Food is King

As far as the food, I did not skimp here. Italians like their traditional dishes, and don't like too many surprises. Some things I kept to tradition, like my Neopolitan Easter Soup and my crepe lasagna for the pasta course. We had the traditional antipasto passed around of cured meats and crudites. But we also made some special dishes to show my Godparents how much we loved them (in Italian culture, love means food). For instance we deviated from the traditional lamb for the meat course, and made osso bucco with gremolata. We also made Milanese rice, which hasn't been done in our family-I think ever! We also had some nosh for the pre-dinner deck sitting; some spinach and cheese filled phyllo cups, wine, cheese, various dried sausages, fresh squeezed lemonade and orange infused iced tea. For dessert, I made the kids some bunny cake pops (never been done in our family) to accompany the more traditional "Pastiera" (Easter sweet barley pie) and the Pannetone. I also put out some chocolate dipped Mandarin orange slices sprinkled with Fleur de Sel to accompany the traditional fruit and nut course. I tried to put a little something different and special throughout the dinner.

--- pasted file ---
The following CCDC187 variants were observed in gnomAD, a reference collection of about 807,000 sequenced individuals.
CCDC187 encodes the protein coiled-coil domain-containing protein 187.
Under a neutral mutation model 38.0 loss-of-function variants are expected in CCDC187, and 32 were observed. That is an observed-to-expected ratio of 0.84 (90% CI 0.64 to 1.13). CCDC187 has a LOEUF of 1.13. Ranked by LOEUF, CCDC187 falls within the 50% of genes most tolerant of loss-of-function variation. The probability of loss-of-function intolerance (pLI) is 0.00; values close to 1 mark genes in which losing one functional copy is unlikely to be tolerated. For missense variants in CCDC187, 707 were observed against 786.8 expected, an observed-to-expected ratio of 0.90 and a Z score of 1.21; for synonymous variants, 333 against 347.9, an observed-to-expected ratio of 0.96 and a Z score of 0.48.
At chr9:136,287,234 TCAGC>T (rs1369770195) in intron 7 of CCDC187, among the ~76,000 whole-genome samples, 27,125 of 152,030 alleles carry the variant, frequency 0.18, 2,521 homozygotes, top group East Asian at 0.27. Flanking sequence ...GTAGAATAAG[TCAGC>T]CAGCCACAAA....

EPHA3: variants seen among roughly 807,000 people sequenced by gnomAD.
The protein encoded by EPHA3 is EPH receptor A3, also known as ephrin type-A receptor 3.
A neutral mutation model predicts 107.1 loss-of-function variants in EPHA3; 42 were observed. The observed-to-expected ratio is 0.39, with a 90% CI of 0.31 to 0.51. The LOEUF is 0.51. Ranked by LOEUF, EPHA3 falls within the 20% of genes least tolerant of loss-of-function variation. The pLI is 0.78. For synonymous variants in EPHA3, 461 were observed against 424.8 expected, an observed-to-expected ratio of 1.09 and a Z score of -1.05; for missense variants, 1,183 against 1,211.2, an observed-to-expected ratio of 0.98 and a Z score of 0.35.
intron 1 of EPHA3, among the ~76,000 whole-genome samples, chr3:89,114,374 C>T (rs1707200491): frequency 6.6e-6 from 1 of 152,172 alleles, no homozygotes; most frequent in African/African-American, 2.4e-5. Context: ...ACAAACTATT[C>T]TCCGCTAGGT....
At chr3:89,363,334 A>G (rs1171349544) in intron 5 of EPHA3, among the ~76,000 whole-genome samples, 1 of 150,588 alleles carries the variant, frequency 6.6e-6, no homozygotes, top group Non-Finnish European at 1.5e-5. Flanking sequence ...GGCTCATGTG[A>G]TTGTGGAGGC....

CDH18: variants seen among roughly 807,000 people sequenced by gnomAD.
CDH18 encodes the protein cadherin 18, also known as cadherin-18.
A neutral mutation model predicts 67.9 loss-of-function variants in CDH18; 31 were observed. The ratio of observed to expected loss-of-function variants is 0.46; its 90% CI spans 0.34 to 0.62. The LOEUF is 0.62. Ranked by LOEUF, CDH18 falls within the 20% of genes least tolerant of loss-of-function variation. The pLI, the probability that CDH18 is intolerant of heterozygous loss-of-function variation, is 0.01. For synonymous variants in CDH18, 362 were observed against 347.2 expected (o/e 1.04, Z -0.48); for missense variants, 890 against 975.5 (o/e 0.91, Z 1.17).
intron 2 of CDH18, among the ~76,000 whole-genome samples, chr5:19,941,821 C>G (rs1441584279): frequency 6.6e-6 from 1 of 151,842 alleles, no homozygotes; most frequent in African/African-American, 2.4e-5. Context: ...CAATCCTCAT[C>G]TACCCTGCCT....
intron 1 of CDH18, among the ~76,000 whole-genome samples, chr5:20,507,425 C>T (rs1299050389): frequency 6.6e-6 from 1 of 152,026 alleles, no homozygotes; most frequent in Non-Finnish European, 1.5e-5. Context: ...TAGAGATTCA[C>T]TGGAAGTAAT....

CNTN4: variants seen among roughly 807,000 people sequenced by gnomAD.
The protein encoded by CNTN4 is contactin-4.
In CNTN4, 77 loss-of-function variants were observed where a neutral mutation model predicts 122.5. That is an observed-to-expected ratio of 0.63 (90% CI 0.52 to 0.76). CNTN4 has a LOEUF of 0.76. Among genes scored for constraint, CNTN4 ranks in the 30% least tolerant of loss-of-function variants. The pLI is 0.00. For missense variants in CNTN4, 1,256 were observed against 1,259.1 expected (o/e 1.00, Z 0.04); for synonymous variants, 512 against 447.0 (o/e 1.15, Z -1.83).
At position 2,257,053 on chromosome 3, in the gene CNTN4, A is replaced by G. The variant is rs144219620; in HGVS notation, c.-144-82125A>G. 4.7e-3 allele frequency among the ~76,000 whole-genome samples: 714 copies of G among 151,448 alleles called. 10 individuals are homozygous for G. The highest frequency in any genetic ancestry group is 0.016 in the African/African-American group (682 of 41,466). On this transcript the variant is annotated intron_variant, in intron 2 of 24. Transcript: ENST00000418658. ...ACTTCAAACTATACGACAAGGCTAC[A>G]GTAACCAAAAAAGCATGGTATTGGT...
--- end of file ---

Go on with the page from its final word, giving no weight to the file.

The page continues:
Decor, a Shabby Chic Spring Explosion
Italians don't do much decor for Easter. It's really all about the food, and if there is any decor, it's usually flowers. I decided to make my home a dizzying array of vintage lace, pastel floral fabrics, vintage mismatched china and pastel poofs. I wanted everyone to feel like they were coming in and really celebrating rebirth, love and energy-inside and out. And the bonus? All this work I spent crafting these decorations I was going to save and reuse for a baby shower I'm hosting in June! Perfect!